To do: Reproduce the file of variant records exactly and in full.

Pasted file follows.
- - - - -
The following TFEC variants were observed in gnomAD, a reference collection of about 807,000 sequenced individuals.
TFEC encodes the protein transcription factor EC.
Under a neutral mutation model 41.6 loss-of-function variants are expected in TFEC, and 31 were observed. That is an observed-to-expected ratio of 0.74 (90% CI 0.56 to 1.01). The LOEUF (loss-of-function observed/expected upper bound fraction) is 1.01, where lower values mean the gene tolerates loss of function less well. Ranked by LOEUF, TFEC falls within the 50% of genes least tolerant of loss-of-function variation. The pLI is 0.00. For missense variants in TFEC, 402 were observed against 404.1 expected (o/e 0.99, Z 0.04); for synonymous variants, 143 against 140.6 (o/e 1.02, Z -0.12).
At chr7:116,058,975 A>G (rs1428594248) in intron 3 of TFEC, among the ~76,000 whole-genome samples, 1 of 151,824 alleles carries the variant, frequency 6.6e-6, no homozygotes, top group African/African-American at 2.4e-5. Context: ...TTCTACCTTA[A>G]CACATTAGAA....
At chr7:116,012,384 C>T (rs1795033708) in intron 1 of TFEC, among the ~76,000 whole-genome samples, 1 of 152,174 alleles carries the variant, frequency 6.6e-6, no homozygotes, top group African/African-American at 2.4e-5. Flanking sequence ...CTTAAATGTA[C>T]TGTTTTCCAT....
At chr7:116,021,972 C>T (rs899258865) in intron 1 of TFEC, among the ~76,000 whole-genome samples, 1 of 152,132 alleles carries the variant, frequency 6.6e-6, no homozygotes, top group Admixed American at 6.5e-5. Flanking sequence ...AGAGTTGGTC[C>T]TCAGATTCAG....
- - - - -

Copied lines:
The following TFEC variants were observed in gnomAD, a reference collection of about 807,000 sequenced individuals.
TFEC encodes the protein transcription factor EC.
Under a neutral mutation model 41.6 loss-of-function variants are expected in TFEC, and 31 were observed. That is an observed-to-expected ratio of 0.74 (90% CI 0.56 to 1.01). The LOEUF (loss-of-function observed/expected upper bound fraction) is 1.01, where lower values mean the gene tolerates loss of function less well. Ranked by LOEUF, TFEC falls within the 50% of genes least tolerant of loss-of-function variation. The pLI is 0.00. For missense variants in TFEC, 402 were observed against 404.1 expected (o/e 0.99, Z 0.04); for synonymous variants, 143 against 140.6 (o/e 1.02, Z -0.12).
At chr7:116,058,975 A>G (rs1428594248) in intron 3 of TFEC, among the ~76,000 whole-genome samples, 1 of 151,824 alleles carries the variant, frequency 6.6e-6, no homozygotes, top group African/African-American at 2.4e-5. Context: ...TTCTACCTTA[A>G]CACATTAGAA....
At chr7:116,012,384 C>T (rs1795033708) in intron 1 of TFEC, among the ~76,000 whole-genome samples, 1 of 152,174 alleles carries the variant, frequency 6.6e-6, no homozygotes, top group African/African-American at 2.4e-5. Flanking sequence ...CTTAAATGTA[C>T]TGTTTTCCAT....
At chr7:116,021,972 C>T (rs899258865) in intron 1 of TFEC, among the ~76,000 whole-genome samples, 1 of 152,132 alleles carries the variant, frequency 6.6e-6, no homozygotes, top group Admixed American at 6.5e-5. Flanking sequence ...AGAGTTGGTC[C>T]TCAGATTCAG....